Re: Re[2]: This is not The National Inquirer

Lee Daniel Crocker (
Mon, 28 Apr 1997 18:01:17 -0700 (PDT)

Kennita Watson <>:
> The point is that saying that something "violates the laws of physics"
> doesn't convince people -- being open to input that seems to violate the
> known laws is what allows people to discover new ones. And calling the
> people names *certainly* doesn't convince them...

Having just checked many of the usual sites I use for good debunking
info, I must admit that there is very little on the old water-power
scam. I had assumed that such info would be plentiful; such good
resources like the Skeptic's Dictionary,, and others
have lots of good rational analyses of such claims, but this specific
one is under-documented, so I suppose I do bear some culpability for
assuming that our proponent had more resources than he actually did.
I'm sure a more thorough search might turn up something better, but
I doubt our particular reporter would have been swayed by calmer heads
anyway, as his credulity seemed unswayed by any of the replies, and I
didn't think a suggestion to read the whole set of Feynmann Lectures
on Physics would be very welcome, although that's really all there is
to say.

Guru George:
> Well put, Kennita. I would just say, to balance it back the other way
> just slightly from where you leave it, that this is a list in which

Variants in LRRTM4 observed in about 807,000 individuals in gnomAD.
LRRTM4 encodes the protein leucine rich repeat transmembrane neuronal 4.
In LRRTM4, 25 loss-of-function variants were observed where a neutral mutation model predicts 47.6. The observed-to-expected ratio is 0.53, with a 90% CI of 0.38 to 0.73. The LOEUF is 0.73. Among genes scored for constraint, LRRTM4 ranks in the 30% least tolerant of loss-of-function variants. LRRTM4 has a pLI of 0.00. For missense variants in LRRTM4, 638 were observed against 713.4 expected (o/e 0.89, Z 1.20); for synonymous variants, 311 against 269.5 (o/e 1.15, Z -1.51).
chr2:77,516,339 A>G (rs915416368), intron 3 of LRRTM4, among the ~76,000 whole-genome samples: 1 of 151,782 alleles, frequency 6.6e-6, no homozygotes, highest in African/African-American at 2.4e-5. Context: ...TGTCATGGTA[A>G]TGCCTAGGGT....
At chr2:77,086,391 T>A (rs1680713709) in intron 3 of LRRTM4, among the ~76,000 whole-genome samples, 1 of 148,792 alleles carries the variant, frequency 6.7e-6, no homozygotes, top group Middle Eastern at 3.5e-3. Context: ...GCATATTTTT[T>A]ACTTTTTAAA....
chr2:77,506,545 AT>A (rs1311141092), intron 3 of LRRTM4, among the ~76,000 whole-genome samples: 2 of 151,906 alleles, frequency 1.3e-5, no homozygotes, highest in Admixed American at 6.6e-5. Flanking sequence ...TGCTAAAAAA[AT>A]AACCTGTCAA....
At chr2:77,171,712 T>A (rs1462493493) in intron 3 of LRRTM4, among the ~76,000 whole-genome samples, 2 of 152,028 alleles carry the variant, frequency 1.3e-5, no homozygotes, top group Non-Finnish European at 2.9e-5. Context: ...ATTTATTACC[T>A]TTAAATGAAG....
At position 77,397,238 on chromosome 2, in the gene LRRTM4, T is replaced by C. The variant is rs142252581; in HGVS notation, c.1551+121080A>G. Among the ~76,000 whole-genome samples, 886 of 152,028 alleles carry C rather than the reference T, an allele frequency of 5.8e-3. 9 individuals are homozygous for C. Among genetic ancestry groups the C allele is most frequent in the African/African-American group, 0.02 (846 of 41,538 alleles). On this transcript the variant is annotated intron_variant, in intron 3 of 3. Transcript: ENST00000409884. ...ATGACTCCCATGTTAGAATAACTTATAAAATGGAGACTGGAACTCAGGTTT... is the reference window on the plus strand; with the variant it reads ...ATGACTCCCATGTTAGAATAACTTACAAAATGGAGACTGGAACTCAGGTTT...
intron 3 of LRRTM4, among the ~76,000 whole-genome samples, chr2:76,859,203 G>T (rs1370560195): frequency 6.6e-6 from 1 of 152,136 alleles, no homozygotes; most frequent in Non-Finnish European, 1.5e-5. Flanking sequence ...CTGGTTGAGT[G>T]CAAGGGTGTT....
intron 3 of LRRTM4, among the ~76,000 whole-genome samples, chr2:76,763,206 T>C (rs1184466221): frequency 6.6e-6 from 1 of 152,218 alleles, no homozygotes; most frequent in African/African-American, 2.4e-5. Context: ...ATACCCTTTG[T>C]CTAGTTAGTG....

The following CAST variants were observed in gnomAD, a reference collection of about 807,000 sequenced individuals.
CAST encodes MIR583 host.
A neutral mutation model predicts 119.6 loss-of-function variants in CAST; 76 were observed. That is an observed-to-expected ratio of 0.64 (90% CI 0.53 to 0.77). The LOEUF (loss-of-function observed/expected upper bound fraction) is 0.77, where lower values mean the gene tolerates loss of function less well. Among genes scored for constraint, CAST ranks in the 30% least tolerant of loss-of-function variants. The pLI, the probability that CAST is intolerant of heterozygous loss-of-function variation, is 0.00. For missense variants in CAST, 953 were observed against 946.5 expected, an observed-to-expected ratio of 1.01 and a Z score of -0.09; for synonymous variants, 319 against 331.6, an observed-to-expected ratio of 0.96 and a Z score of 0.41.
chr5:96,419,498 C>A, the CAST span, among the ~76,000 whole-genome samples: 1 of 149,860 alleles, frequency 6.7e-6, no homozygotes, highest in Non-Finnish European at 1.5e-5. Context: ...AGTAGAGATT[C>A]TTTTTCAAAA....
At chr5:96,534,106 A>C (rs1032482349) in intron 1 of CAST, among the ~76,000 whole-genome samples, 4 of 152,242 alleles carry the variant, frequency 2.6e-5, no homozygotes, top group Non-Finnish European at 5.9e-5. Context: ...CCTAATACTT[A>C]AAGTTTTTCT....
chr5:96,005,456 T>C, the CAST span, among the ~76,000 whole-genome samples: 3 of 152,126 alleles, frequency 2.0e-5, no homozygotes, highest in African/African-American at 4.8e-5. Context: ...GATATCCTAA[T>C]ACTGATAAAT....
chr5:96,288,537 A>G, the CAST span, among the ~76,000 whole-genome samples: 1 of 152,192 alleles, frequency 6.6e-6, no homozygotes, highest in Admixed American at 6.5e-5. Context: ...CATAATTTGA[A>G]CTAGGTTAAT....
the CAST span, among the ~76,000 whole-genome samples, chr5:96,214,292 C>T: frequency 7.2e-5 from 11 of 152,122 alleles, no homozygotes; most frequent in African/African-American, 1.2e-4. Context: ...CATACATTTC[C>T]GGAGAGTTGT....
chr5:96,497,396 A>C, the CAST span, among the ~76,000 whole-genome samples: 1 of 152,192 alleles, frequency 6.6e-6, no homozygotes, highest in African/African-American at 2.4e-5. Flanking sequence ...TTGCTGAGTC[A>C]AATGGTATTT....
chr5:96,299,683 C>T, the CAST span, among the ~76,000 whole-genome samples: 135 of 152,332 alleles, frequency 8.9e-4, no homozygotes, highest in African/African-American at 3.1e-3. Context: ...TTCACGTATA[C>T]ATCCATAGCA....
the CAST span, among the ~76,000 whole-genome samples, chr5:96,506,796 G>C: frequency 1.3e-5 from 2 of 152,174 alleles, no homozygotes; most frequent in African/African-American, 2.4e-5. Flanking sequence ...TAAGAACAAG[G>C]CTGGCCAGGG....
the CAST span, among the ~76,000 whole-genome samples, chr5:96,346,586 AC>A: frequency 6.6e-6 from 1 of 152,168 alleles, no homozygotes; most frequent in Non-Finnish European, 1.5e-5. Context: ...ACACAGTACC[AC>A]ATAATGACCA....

> *critical thinking* is important. I think Mike offered the car thing in
> a spirit of critical (political) thinking, and while that's great, and
> while I think his critics were a bit rude in a human sort of way, still,
> he's got to take the criticism seriously if he wants to participate in
> that critical spirit. (The thing is, I'm sure his critics would have
> some sympathy with his political point in itself, to some extent -
> perhaps that might be a more interesting topic?)

Actually I find the political claim--the idea that some unnamed agency
of government might be capable of supressing a spectacularly valuable
invention, that it would be in their interest to do so, and that the
effect on the economy would be anything but positive--even more ludicrous
that the pseudo-scientific claims, and strong evidence that the author
is not merely a harmless crackpot but trying to perpetrate a deliberate
fraud upon his readers for some purpose I can only speculate. And while
I might have some sympathy for innocent dupes, I have none for criminals.

Lee Daniel Crocker <>  <>
"All inventions or works of authorship original to me, herein and past,
are placed irrevocably in the public domain, and may be used or modified
for any purpose, without permission, attribution, or notification."--LDC